My late production 5906 is super reliable and a very good gun.

I won't repeat what has been said above, every gun maker has gone to polymer for their semi-auto's and S&W has to stay competitive. They aren't going to stay tooled up to make 5906's to sell them to a niche market when they are selling M&P's hand over fist. Even Beretta has gone to poly frame guns with the Storm and the short-lived 90-Two series. They still make the 92fs and the 92A1 but alloy frame autos are being phased out.

Poly frame guns last longer, are just as light and are easier to make.

As for me, give me an all steel 5906 any day
Reply With Quote
  #20  
Old 02-19-2012, 08:54 PM
Banned
 
Join Date: Dec 2011
Location: South
Posts: 1,816
Likes: 2,026
Liked 1,405 Times in 547 Posts
Default

Quote:
Originally Posted by CQB27 View Post
Lets see,

1. they cost more (twice as much as a polymer gun)
2. they weigh more
3. they do nothing more

I always chuckle a little at the "Glock marketing killed the 3rd gen S&W" theory. I think progress killed the 3rd gen S&Ws. The majority of the shooting public has lost interest in the double/single action, exposed hammer all metal pistol. The consumer voted with their wallets, and S&W 3rd gen pistols lost. Painful for many here, the truth none the less.
....and Glock undercutting the market for 2 years ala Wal-Mart had nothing to do with it right? The fact they lost money and a lot of it per unit in order to undersell Smith and force competition out of the market is immaterial, correct? Neither the story or your assessment of Gen 3's is as simple as your post..
Reply With Quote
The Following User Likes This Post:
  #21  
Old 02-19-2012, 09:02 PM
Member
 
Join Date: Feb 2010
Posts: 57
Likes: 0
Liked 38 Times in 9 Posts
Default

In 27 years working as an LEO I carried steel, alloy and polymer handguns. Today, I carry/own only metal frame weapons. Guess I have the luxuary of carrying what feels right in my hand. Today, folks buy what is modern..trendy. Polymer does work fine, but it is a matter of quality. Truly fine watches and jewelery will never be made of poylymer and neither will FINE handguns.
Reply With Quote
The Following 5 Users Like Post:
  #22  
Old 02-19-2012, 09:08 PM
Banned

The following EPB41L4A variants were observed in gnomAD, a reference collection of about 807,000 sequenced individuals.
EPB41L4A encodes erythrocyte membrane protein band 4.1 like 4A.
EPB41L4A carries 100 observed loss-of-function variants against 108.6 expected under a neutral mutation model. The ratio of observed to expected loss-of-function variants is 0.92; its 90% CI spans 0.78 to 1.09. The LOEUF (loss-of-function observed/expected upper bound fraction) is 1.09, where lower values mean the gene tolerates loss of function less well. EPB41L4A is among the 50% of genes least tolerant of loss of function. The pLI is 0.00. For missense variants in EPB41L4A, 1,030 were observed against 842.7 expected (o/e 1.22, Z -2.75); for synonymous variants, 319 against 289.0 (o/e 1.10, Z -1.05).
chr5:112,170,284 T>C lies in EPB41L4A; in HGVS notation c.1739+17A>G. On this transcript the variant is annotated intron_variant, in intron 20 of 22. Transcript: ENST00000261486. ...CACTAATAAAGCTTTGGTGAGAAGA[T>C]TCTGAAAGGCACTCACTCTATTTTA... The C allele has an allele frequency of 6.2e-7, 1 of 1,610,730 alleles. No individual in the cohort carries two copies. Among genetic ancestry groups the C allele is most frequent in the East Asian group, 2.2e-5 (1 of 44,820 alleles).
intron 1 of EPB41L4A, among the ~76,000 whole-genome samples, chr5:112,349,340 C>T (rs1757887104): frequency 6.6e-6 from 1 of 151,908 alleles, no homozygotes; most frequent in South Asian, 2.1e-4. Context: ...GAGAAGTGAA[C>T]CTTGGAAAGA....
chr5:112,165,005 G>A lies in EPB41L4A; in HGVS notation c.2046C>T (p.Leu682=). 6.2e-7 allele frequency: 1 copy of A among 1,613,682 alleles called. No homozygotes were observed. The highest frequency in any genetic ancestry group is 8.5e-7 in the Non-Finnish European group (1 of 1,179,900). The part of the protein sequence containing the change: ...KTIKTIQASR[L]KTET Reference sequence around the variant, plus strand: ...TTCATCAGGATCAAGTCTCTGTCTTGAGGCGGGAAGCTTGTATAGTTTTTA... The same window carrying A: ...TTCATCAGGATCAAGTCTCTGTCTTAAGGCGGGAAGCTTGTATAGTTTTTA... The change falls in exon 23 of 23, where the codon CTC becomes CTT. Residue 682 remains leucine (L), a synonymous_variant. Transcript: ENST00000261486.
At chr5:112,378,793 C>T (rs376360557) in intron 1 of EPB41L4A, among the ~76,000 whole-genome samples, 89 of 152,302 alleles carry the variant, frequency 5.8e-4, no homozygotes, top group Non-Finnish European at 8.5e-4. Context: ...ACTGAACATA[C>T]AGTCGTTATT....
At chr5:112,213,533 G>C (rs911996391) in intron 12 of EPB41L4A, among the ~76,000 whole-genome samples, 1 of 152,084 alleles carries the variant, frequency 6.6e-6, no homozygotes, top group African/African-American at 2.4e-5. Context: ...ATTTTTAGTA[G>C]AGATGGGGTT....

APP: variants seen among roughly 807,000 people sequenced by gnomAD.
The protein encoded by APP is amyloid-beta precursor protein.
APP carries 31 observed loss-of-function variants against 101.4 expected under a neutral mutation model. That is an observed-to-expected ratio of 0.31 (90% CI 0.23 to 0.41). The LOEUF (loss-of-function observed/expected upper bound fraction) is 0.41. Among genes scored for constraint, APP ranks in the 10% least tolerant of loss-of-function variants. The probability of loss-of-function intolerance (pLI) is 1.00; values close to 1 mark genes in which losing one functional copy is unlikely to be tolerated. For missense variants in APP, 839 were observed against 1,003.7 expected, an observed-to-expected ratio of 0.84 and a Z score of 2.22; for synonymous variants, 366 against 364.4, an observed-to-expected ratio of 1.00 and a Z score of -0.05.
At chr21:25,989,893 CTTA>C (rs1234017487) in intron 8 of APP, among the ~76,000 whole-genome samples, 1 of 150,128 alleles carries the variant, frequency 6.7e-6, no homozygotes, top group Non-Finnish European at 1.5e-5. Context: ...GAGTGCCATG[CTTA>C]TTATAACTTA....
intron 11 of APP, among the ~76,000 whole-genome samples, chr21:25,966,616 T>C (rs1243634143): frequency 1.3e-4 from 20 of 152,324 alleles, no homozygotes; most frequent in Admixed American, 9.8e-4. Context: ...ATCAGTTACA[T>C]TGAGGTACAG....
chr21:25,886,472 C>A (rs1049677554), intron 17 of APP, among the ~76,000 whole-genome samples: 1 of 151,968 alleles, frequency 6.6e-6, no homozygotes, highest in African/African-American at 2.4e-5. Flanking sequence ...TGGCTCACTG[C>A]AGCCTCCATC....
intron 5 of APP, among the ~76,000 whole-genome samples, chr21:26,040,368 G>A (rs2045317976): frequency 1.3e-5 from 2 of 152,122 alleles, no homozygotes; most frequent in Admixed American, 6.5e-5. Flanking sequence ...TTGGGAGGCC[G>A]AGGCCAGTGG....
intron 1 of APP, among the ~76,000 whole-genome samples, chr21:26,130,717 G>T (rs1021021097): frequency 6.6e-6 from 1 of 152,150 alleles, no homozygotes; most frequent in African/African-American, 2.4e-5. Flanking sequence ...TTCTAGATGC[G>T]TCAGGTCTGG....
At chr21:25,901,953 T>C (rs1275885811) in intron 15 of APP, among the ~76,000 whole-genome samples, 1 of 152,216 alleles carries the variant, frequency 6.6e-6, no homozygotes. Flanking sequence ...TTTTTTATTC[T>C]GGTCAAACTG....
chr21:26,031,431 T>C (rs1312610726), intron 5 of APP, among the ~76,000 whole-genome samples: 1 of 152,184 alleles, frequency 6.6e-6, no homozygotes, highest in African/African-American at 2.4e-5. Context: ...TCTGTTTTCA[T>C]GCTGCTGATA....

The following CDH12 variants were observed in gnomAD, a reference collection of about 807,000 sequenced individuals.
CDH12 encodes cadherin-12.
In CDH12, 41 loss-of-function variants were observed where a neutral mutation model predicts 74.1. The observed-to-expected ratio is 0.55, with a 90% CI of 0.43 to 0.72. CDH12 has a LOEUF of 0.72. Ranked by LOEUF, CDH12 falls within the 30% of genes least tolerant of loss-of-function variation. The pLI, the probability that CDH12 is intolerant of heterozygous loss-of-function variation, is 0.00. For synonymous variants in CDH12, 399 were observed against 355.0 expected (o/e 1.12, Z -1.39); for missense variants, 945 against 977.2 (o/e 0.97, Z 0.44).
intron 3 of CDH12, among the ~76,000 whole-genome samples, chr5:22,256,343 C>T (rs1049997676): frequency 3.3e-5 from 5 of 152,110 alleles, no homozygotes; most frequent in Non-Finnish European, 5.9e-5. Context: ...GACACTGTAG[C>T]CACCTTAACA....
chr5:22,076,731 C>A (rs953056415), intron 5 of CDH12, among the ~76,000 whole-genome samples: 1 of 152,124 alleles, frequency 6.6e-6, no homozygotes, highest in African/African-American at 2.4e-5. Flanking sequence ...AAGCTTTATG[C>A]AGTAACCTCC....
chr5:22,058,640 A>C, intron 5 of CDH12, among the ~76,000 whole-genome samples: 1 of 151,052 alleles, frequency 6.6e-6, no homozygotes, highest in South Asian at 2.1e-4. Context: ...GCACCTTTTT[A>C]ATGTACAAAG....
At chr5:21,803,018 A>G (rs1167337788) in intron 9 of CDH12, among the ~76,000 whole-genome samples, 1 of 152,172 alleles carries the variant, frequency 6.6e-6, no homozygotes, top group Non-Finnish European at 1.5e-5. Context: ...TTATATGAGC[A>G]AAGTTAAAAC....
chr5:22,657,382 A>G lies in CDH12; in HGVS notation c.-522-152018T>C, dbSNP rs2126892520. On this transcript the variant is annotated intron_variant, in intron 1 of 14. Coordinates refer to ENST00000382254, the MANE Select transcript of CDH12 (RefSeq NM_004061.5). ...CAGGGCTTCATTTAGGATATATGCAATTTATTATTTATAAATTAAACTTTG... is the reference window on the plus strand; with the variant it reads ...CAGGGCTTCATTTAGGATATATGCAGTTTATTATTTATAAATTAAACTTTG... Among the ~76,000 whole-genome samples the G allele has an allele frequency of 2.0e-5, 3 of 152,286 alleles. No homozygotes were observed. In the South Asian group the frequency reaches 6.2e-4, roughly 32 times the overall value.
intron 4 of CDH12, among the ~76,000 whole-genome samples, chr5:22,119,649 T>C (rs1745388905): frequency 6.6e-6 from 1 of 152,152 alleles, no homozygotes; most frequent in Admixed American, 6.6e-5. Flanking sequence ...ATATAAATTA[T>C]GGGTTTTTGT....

Join Date: Dec 2011
Location: South
Posts: 1,816
Likes: 2,026
Liked 1,405 Times in 547 Posts
Default

Quote:
Originally Posted by K Frame Keith View Post
In 27 years working as an LEO I carried steel, alloy and polymer handguns. Today, I carry/own only metal frame weapons. Guess I have the luxuary of carrying what feels right in my hand. Today, folks buy what is modern..trendy. Polymer does work fine, but it is a matter of quality. Truly fine watches and jewelery will never be made of poylymer and neither will FINE handguns.
Exactly...polymer works....but it's like comparing Rolex and Seiko.
Reply With Quote
  #23  
Old 02-19-2012, 09:08 PM
Member
 
Join Date: Oct 2003
Location: Sheridan, Wyoming
Posts: 3,346
Likes: 24
Liked 524 Times in 216 Posts
Default

Beretta and Sig always had a certain amount of commercial sales that I think likely exceeded those of the third generation autos. The 3rd generation guns seem to have done best with institutional sales. I don't know that as many people bought them commercially.

Institutional sales continue for the 92 series (the 96 is as far as I know no longer offered b/c LE sales dried up) and the Sigs (particularly the P229s).

S&W also failed to offer increased capacity mags as a factory option. Higher cap (than 15) mags are readily had from Sig and Beretta for their 9mms. While S&W at one point made 20rd mags (I have an old logo one dating to the original 59) they don't seem to have marketed them aggressively, nor bothered to have MecGar stamp a S&W logo on their excellent 17rd mags. They did increase capacity from 14rds to 15rds in the early 90s but that was it.

Steel frame exposed hammer guns are still made and sold by CZ btw. At least last I checked. The Italians (Tanfoglio), Turks, and Filipinos make copies or variants there of as well.

FN meanwhile makes rather nice DA/SA exposed hammer polymer pistols, though everyone seems to ignore them.

I took my early 90s square guard 5903 to the range no long ago, with MecGar 17rd mags. It was a delight to shoot and quite accurate. I did replace the grips on mine with a set of Uncle Mikes aftermarket panels after the original ones broke though.
Reply With Quote
  #24  
Old 02-19-2012, 09:11 PM
CQB27's Avatar
US Veteran
 
Join Date: Mar 2010
Location: Lindale, Georgia
Posts: 506
Likes: 14
Liked 35 Times in 18 Posts
Default

Quote:
Originally Posted by StatesRightist View Post
....and Glock undercutting the market for 2 years ala Wal-Mart had nothing to do with it right? The fact they lost money and a lot of it per unit in order to undersell Smith and force competition out of the market is immaterial, correct? Neither the story or your assessment of Gen 3's is as simple as your post..
OK it's all Glock's fault.
Reply With Quote
  #25  
Old 02-19-2012, 09:22 PM
Member
 
Join Date: Jun 2010
Location: Upstate California
Posts: 494
Likes: 5
Liked 24 Times in 20 Posts
Default

Quote:
Originally Posted by WR Moore View Post
a whole lot of folks would be a lot better off to spend the 4 bills on the weapon and the the rest on ammo for practice.
True that!

Attended a CCW class recently and 3 of the 5 shooters were all over the paper at 25' with very few hits in the kill zone at all. One shooter wasn't even hitting the paper! They were talking about what new gun they wanted to upgrade to. What they needed more than a fancy gun, as the above poster so wisely suggested, was practice practice practice.